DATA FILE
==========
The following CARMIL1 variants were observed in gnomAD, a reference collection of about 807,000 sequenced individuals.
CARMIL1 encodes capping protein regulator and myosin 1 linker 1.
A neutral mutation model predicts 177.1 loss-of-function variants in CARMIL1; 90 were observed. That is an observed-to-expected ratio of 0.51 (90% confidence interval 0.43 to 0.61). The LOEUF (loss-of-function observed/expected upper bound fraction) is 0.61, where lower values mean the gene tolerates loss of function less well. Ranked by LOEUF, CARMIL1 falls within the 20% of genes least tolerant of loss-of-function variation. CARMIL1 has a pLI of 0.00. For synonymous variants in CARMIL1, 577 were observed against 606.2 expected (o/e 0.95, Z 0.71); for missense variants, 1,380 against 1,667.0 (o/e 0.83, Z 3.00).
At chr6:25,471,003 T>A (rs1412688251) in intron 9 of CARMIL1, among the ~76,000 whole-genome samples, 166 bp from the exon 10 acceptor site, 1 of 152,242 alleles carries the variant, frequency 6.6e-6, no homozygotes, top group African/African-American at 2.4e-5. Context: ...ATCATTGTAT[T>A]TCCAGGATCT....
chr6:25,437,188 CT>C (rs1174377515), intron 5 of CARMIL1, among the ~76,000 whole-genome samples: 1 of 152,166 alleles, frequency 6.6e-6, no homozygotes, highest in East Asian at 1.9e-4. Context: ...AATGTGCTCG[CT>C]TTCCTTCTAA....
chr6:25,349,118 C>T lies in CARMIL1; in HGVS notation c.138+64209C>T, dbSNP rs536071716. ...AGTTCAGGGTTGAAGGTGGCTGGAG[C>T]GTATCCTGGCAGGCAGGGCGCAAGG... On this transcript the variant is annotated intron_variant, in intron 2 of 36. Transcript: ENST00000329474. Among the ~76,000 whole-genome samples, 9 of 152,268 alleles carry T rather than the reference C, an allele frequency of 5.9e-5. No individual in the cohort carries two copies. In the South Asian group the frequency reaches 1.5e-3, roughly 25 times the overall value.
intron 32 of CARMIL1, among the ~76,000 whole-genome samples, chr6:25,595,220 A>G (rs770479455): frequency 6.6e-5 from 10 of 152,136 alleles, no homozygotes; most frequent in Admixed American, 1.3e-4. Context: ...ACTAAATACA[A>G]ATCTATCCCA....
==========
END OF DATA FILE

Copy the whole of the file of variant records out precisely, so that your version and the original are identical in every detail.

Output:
The following CARMIL1 variants were observed in gnomAD, a reference collection of about 807,000 sequenced individuals.
CARMIL1 encodes capping protein regulator and myosin 1 linker 1.
A neutral mutation model predicts 177.1 loss-of-function variants in CARMIL1; 90 were observed. That is an observed-to-expected ratio of 0.51 (90% confidence interval 0.43 to 0.61). The LOEUF (loss-of-function observed/expected upper bound fraction) is 0.61, where lower values mean the gene tolerates loss of function less well. Ranked by LOEUF, CARMIL1 falls within the 20% of genes least tolerant of loss-of-function variation. CARMIL1 has a pLI of 0.00. For synonymous variants in CARMIL1, 577 were observed against 606.2 expected (o/e 0.95, Z 0.71); for missense variants, 1,380 against 1,667.0 (o/e 0.83, Z 3.00).
At chr6:25,471,003 T>A (rs1412688251) in intron 9 of CARMIL1, among the ~76,000 whole-genome samples, 166 bp from the exon 10 acceptor site, 1 of 152,242 alleles carries the variant, frequency 6.6e-6, no homozygotes, top group African/African-American at 2.4e-5. Context: ...ATCATTGTAT[T>A]TCCAGGATCT....
chr6:25,437,188 CT>C (rs1174377515), intron 5 of CARMIL1, among the ~76,000 whole-genome samples: 1 of 152,166 alleles, frequency 6.6e-6, no homozygotes, highest in East Asian at 1.9e-4. Context: ...AATGTGCTCG[CT>C]TTCCTTCTAA....
chr6:25,349,118 C>T lies in CARMIL1; in HGVS notation c.138+64209C>T, dbSNP rs536071716. ...AGTTCAGGGTTGAAGGTGGCTGGAG[C>T]GTATCCTGGCAGGCAGGGCGCAAGG... On this transcript the variant is annotated intron_variant, in intron 2 of 36. Transcript: ENST00000329474. Among the ~76,000 whole-genome samples, 9 of 152,268 alleles carry T rather than the reference C, an allele frequency of 5.9e-5. No individual in the cohort carries two copies. In the South Asian group the frequency reaches 1.5e-3, roughly 25 times the overall value.
intron 32 of CARMIL1, among the ~76,000 whole-genome samples, chr6:25,595,220 A>G (rs770479455): frequency 6.6e-5 from 10 of 152,136 alleles, no homozygotes; most frequent in Admixed American, 1.3e-4. Context: ...ACTAAATACA[A>G]ATCTATCCCA....